Oh, I am the crew and the Captain bold, And the mate of the Nancy brig, And the bosun tight and the midshipmite, And the crew of the Captains gig.

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    He does not try to navigate her, but just lets her go as the tide and wind choose to take her. Anyway, he causes our ship to keep sounding her warning siren, and to stop in order to avoid running him down. But he is in no way disturbed, and when within speaking distance he plays up to his position as a wearer of a bowler, and instead of letting out a flow of the bargee language that one might expect, he quotes Kipling, hailing us with: Oh, where are you going to, all you big steamers?

    Then there appears from nowhere a prompt little tug which, sliding across under our bows, butts gently into the lighter and sends it off floating out of our path.

    Then we pass a whole mass of lighters jammed together at the entrance to a dock, like a flock of sheep huddled outside a sheep fold and shy of going in. But two tugs, just like good sheepdogs, hovering around near them, see the trouble, and, moving at slowest speed, nose gently in among them till they worm their way through them, and taking the foremost ones in tow soon have the whole mass moving forward safely through the entrance.

    Meantime three other tugs are hovering round our ship again like sheepdogs, not doing much, but alert all the time, and ready to do the right thing at any moment. One of them seems to be lying asleep and is for a long time motionless, till, as we are passing into the lock gates of the dock, the wind threatens to drive us against the dockside.

    I see the dock-master on shore give a slight signal with his hand, and in a moment the tug comes sliding towards us until she shoves her well-padded stern against us and, swirling up the water with her powerful screw in reverse, she pushes us forcibly back into position. Now she draws off, and promptly goes to sleep again.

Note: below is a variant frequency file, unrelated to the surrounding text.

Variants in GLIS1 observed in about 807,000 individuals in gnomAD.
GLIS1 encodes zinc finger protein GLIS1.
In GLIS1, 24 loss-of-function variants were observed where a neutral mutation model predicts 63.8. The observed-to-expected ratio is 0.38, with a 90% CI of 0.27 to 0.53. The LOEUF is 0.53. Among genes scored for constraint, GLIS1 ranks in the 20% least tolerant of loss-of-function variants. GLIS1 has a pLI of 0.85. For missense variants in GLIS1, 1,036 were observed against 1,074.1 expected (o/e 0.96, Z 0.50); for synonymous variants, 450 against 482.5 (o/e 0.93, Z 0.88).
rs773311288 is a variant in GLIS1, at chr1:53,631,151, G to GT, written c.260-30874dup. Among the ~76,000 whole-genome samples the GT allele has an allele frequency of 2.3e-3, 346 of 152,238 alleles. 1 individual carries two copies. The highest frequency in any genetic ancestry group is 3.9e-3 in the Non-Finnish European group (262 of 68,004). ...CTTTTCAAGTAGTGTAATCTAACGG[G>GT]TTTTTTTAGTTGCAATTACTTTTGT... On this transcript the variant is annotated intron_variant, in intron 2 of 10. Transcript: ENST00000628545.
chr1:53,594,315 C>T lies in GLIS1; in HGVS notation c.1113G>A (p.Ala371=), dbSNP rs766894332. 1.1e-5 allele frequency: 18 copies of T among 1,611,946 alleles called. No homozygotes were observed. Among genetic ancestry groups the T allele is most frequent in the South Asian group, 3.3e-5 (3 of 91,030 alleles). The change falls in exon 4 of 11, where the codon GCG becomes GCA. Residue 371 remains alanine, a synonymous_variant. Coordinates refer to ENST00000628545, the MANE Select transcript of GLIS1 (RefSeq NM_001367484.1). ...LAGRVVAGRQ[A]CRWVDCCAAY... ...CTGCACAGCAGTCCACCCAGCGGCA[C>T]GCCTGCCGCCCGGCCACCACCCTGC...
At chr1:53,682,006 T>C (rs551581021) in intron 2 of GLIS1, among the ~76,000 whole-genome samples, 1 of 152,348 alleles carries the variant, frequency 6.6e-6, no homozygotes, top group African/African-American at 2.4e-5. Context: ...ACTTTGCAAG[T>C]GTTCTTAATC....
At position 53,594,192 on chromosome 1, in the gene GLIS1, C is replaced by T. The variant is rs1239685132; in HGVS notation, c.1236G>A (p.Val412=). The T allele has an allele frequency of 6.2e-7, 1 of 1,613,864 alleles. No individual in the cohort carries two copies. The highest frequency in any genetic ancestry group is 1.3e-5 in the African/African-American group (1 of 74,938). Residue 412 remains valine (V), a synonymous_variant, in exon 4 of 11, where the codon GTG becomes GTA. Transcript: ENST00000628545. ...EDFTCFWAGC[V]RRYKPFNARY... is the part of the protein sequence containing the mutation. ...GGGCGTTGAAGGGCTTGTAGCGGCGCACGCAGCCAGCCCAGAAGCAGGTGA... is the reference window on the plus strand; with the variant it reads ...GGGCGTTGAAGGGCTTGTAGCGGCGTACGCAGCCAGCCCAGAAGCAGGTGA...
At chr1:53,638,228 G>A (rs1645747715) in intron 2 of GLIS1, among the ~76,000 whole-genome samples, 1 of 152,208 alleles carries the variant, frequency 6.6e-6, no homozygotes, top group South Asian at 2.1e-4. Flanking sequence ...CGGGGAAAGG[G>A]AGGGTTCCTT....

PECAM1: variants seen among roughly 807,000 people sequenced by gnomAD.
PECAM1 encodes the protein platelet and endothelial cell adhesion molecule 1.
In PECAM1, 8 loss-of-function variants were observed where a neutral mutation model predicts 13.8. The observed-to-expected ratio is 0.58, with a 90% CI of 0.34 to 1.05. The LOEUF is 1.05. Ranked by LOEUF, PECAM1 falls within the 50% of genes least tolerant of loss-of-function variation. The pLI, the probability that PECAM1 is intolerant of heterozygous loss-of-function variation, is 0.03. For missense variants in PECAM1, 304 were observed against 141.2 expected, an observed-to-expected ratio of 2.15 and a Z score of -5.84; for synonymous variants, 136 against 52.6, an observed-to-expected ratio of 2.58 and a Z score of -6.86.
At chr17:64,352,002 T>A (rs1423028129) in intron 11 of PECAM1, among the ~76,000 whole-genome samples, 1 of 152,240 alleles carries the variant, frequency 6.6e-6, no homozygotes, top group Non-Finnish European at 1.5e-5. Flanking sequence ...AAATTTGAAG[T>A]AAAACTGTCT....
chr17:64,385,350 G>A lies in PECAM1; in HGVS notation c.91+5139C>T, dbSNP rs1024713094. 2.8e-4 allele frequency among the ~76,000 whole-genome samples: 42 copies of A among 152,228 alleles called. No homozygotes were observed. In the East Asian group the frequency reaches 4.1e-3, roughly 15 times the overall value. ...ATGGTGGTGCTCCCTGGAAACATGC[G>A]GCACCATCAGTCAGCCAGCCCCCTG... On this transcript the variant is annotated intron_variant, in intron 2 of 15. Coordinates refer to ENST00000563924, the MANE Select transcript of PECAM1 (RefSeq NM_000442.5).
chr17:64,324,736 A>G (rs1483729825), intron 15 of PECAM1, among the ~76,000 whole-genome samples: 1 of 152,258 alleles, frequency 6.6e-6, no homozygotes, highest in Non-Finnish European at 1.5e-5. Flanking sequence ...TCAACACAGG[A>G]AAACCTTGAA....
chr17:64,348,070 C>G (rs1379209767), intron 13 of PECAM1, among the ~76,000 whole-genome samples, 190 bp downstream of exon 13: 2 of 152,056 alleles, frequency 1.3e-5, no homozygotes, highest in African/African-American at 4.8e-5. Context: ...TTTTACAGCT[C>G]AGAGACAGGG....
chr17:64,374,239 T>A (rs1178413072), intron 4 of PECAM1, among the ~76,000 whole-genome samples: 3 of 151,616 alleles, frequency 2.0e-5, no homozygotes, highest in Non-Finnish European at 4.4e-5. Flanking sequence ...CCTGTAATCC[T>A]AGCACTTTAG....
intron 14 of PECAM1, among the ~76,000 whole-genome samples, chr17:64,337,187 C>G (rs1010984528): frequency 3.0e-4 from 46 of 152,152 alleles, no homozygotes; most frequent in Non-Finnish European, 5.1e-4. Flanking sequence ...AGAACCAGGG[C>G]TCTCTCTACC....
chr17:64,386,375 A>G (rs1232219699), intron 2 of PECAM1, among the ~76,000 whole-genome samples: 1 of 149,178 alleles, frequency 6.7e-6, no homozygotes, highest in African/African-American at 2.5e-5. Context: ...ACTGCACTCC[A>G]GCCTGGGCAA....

OUR ESCORT When we are safely ensconced inside the lock which is to let us out of the dock on

    to the river, two of these tugs dart in close under our stern, so that they are just able to squeeze themselves in with us, and to accompany us out when the water is lowered and the dock gates are opened. With just a pull or two on our bow and stern warps they set us straight on the river with our head to seaward, and off we go.

    But when one looks over the side some time later, there they are, not far away, pretending that they have nothing to do with us, but all the time watching and ready to lend a hand if we should touch a mud-bank, or fail to twiddle in and out of the crowd of other vessels using the river.

    So we are off. We pick up speed. Our tugs slew slowly round as if sorry to part, and chug their way back, ready to help other ships.

    Dear old tugs, I love them!

    THE ROCK We left England, with an icy gale blowing, and in two days we sighted the coast

    of Spain and were in lovely hot sunshine. We did not stop at Gibraltar this time, but as we entered the Mediterranean,

    passing between it and the mountains on the African coast (called by the anc